Brexit has pushed families out of London, says head of closing Hackney school
The headteacher of a school that is closing because it has too few pupils warned some families have fled London because they no longer feel “wanted or needed” since Brexit.
Jo Riley, head of the 150-year-old Randal Cremer primary in Hackney, said some of the most marginalised families in the area are feeling “pushed out, unwanted and unheard.”
Ms Riley’s school is earmarked for closure next summer. It has an intake of just 15 pupils for September, despite a capacity for 60.
It is the latest in a series of school closures to hit London, highlighted in the Evening Standard, due to a combination of a falling birth rate, soaring London living costs, lack of housing, Brexit and a post-pandemic exodus to the countryside.
But Ms Riley said these explanations do not reflect the “human faces” behind the falling pupil numbers.
She pointed to a Romanian family with seven children – five of whom were pupils at her school – who returned to Romania after the Brexit vote because of the change in mood of the city, leaving five spare places at her school which have not been filled.
The lack of housing in Hackney forced a further 31 “beautiful Afghani refugee children” to leave her school after being “dispersed” across the country, she said.
She added: “Some of the most marginalised families in the borough are feeling once again pushed out and unwanted and unheard… I have got families that have lived in temporary accommodation for six years and have been told it will be 13 years before they are rehoused.”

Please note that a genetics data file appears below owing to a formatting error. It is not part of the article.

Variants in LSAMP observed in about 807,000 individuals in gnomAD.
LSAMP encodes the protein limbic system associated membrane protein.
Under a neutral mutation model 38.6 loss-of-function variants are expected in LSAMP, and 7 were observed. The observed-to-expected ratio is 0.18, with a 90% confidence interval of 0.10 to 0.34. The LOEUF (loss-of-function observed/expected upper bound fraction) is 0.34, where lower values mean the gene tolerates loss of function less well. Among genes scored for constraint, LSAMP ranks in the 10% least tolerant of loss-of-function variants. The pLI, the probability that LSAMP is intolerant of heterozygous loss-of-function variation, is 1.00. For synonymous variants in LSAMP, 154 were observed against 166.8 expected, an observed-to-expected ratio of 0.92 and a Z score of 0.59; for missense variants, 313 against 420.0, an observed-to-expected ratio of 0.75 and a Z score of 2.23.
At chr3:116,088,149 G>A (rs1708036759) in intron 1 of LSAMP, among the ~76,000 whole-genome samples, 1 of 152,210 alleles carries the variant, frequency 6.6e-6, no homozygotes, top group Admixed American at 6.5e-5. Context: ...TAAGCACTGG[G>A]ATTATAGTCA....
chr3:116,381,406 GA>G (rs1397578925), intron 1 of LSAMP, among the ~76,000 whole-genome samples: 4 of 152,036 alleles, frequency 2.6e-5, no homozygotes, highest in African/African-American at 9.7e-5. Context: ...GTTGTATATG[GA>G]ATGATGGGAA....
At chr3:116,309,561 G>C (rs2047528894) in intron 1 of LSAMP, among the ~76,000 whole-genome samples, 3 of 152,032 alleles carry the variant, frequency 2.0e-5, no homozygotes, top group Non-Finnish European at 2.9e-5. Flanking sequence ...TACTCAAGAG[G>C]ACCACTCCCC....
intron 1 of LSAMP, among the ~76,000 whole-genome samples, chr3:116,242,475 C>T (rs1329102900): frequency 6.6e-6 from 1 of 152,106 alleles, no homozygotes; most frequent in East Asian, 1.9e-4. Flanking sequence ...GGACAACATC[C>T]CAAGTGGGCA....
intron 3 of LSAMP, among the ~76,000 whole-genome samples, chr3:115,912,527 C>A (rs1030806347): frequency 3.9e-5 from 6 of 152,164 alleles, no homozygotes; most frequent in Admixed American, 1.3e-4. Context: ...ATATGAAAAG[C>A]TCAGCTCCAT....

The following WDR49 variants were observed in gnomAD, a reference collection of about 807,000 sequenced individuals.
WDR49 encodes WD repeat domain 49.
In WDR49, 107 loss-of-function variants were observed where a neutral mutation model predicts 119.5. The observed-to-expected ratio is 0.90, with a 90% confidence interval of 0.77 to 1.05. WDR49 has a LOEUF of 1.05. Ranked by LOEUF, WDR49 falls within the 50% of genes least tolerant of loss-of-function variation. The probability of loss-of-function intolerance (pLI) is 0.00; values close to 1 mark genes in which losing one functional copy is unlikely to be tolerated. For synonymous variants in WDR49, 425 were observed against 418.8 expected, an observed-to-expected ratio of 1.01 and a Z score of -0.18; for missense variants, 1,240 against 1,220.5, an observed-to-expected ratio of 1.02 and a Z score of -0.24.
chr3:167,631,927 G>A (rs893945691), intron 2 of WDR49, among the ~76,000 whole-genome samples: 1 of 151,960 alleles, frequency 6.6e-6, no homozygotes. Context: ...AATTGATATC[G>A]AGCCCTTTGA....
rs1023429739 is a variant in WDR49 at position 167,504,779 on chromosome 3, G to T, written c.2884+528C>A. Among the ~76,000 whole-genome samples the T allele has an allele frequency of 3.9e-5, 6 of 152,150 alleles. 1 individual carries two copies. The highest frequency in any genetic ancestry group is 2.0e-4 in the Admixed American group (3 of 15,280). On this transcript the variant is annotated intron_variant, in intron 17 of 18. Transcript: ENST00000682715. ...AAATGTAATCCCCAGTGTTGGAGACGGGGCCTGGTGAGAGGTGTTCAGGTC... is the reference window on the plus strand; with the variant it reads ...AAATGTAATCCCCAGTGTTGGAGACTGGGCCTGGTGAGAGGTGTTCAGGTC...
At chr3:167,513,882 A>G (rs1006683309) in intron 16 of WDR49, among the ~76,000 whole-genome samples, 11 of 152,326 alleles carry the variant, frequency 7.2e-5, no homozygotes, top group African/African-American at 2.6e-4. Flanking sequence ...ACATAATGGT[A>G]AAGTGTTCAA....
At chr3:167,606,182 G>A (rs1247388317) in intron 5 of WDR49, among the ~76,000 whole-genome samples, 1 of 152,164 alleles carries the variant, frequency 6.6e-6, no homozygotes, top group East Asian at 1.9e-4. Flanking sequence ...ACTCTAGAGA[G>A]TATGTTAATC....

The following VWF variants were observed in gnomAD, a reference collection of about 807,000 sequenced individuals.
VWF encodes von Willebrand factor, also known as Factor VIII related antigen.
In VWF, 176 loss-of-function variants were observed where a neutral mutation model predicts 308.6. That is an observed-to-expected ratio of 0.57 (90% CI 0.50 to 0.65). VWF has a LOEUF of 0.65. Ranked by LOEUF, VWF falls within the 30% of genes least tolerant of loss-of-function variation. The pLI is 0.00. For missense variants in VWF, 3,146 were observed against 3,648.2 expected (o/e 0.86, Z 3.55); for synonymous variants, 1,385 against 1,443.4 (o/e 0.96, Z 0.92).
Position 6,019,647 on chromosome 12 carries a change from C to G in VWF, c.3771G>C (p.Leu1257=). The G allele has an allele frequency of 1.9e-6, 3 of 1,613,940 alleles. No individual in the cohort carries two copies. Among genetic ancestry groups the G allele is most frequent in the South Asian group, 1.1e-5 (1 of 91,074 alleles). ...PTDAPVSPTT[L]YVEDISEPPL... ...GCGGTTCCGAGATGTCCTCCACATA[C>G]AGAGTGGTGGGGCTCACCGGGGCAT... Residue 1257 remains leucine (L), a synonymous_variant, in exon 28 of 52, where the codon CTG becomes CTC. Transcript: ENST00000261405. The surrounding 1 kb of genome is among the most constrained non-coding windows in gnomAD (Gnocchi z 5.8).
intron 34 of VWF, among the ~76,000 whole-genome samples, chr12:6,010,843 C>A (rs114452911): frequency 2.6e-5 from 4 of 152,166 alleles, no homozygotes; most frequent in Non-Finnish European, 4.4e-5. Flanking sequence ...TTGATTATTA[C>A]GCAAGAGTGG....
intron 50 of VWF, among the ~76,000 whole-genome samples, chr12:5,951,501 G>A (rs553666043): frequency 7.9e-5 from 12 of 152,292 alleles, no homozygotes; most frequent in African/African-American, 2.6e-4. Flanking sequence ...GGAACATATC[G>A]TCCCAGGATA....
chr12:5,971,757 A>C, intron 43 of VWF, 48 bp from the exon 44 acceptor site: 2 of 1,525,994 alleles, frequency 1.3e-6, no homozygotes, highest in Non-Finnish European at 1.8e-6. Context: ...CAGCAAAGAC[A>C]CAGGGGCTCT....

Latest figures show 29 out of the 32 London boroughs expect a drop in demand for places in reception classes, with a predicted 7.3 per cent fall in reception numbers and a 3.5 per cent drop in Year 7 in secondaries by 2026.
Ms Riley told the Standard a combination of Brexit and lack of available housing has left families feeling unwanted in London.
Referring to the Romanian family who left in 2016, she said: “They were a lovely, lovely family…they just felt that Brexit had given them the message that they weren’t really wanted here.”
She said the family ran their own construction business, did not take benefits and rented their home privately, but could not afford to rent a bigger property.
She added that when the five children left her school her budget dropped by £30,000 – because schools are funded per pupil.
Referring to the Afghani refugees who joined the school in 2021 and have now all left because of a lack of housing, Ms Riley said: “Most of the girls had never been to school and they were just finding their feet and their voice, they were just incredible, and we watched as they disappeared to different parts of the UK. “I do really worry for London because we will end up with all those talented families and incredible children being dispersed across the country.”
She added: “I have been in education in London for 25 years and I have never known such an impact on the roll. Normally you have boom years and quiet years but this feels like it will be a lot more long term. I can’t see it picking up again for a long time.”